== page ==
I love a book to move me emotionally, to be thought provoking, to challenge me, and provide beautiful imagery or an alternate point of view. I love all of that in the world of words, but there is something to be said for an escape. A bit of light reading that takes you for a ride and sends you back in time or to an imaginary world. It's like a roller coaster, you don't want to live there, but the ride sure is fun.
Twilight was like that for me, a palette cleanser, a fun ride that pulled me along. So, to all the critics who bash the writing, the juvenile publisher, the far fetched premise, jump on and enjoy the ride. It isn't going to change your life, but it will be fun and sweep you away. **stepping down off my soap box**
Night by Elie Wiesel
This tiny book affected me deeply. This true story of a twelve year old boy's journey through the holocaust told from his perspective, was moving and brought me to tears. It is so small, yet powerful with the dark imagery it evokes from a dark part of history. This book is a must read, you can finish it in a matter of hours but the story will stay with you for years.
Loving Frank by Nancy Horan
I had some inward struggle with this book about the affair of Frank Lloyd Write and Mamah Cheney. This is considered a book of fiction based on fact. I struggled with this book as my instinct was to judge these two adults who abandoned their spouses and children to carry on a love affair in a time when divorce was unheard of. The author was able to make me understand their struggle and understand their actions, though I wanted to damn them. Nancy Horan reconstructed conversations and interactions that made you feel you could relate and accept the relationship as inevitable.
I remember setting down the book one night and telling my husband "This author is pissing me off by making me understand this woman and feel for her. She abandoned her children for years, for God's sake!" I had this feeling of unease throughout the book as I struggled with my morals and getting caught up in the love story. I would recommend it as it stretched my idea of right and wrong and gave me another point of view while showing me the secret life of one of America's most famous architects.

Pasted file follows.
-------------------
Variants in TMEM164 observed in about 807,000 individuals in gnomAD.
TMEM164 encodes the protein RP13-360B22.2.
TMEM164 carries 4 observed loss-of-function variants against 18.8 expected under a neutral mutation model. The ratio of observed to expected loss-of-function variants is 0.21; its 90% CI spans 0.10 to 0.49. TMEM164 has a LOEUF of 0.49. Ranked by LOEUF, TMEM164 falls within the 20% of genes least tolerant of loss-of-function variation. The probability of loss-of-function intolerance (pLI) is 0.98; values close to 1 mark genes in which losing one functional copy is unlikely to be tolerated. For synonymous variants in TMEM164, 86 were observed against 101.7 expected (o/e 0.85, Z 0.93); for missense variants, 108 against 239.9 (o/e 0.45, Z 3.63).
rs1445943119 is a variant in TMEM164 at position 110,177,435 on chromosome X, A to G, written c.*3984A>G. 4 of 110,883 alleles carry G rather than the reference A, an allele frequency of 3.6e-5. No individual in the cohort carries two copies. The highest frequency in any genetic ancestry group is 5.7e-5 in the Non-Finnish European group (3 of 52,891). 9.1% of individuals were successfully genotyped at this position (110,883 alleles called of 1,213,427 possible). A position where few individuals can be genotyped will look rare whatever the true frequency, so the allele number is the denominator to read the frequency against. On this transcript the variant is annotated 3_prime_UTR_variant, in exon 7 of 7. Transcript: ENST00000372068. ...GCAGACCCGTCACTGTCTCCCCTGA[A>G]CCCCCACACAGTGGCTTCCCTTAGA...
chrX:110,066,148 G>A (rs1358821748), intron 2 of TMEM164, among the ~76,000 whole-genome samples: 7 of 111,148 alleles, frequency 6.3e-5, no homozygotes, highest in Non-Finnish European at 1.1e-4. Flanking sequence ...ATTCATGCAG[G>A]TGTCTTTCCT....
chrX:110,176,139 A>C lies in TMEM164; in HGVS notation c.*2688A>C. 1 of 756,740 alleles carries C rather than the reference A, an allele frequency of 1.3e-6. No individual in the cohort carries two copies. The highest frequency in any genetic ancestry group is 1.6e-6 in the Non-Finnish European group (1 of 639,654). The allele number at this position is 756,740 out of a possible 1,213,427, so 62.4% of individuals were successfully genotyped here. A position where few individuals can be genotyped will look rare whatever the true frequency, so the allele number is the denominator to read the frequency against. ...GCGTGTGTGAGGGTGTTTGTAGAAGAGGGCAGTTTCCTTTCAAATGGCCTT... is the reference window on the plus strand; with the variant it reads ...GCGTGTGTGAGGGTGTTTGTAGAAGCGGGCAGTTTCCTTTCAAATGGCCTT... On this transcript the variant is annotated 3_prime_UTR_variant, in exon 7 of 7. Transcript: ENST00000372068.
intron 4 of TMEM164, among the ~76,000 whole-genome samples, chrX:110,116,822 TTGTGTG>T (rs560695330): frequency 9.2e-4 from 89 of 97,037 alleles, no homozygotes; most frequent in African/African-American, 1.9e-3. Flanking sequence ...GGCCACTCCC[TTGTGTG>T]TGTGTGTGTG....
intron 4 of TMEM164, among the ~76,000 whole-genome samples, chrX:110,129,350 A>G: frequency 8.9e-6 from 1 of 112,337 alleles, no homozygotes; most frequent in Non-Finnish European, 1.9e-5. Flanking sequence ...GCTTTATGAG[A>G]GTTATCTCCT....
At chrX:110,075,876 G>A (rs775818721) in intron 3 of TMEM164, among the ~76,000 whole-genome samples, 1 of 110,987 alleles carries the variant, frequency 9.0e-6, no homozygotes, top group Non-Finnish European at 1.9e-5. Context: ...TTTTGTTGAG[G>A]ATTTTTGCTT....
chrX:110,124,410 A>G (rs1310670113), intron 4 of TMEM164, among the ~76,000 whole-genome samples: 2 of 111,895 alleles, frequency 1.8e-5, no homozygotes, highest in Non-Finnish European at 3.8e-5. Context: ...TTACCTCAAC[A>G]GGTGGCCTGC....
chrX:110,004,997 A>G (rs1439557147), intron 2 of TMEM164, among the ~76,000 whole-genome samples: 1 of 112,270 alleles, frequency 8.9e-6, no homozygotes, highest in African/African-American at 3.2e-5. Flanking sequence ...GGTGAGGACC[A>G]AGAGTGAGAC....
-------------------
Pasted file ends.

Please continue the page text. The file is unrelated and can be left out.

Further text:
Eat Pray Love by Elizabeth Gilbert
Again, this book left me perplexed. I was caught up immediately in the true story of an emotionally ravaging decision to divorce. The imagery of the author laying on the bathroom floor, wracked by sobs as she struggled with the biggest decision of her life was compelling in a "rubbernecking at an accident on the side of the road" kind of way, and I was drawn in.
She determines a course of healing that involves eating, praying, loving over the next pages to fulfill all parts of her mind, body, and soul before he can start over. The trip to Rome and descriptions of pasta and pizza are mouth watering and hell for my diet when reading at night. I could feel her frustration as she struggled to learn to speak Italian, such a beautiful complex language.
She moved on to India to live the life of a monk and pray to a higher being and center herself. All of the abundance she'd indulged in Rome were long gone and she found a deeper meaning to her life through meditation and sacrifice.
Finally, ending her journey in Indonesia she finds the love she is searching for.
I guess the underlying thought I had while reading this book was her overwhelming selfishness. As a mother, I cannot fathom spending that amount of time and money to repair/build up myself. The theory was good, but I found myself thinking throughout the book, "Lady, people get divorced all the time! Get over it already!" But, since she wasn't a mother she was operating on a totally different set of rules. I think the self sacrifice aspect of motherhood becomes second nature once that first child enters this world, and it's something a parent-less, single woman could never fathom. So, good for her, but this book seemed out of touch with my reality and was hard to plow through.
I did, however, come away with the name of a fantastic pizza place I must try if ever in Italy.
The Reader by Bernhard Schlink
Another book about the holocaust told from a teen-aged boy's perspective in respect to his realization of what had gone on around him and changed the way he looked at life and those he loved.
A whirlwind affair with a woman 20 years his senior taught him about love, sex, and intimacy. It was uncomfortable to think about the age of the boy and the way this affair changed/damaged him later in life, as I have my own sons. This was a different time and formed the course of his life forever.
Again, it took a character who had committed morally reprehensible acts in love and life and made her human. It gave me and understanding of her actions and the reasons behind them and filled me with pity rather than anger.
I've heard that the movie is sexually explicit, but the book is glossed over without too many gory details regarding their sexual relationship.
The Hour I First Believed by Wally Lamb is my next book and I'm midway through it now. So far, I'm engrossed in this story of a teacher from Columbine High School at the time of the shootings. I will try to remember to give you my final impressions when I finish.
Oh, and I'm not going to lie...I'm a sucker for cover art on a book. It's the first thing I notice and I've found myself on many occasions hoping the book was a good one because the cover was so beautiful. I love to carry around a beautiful book.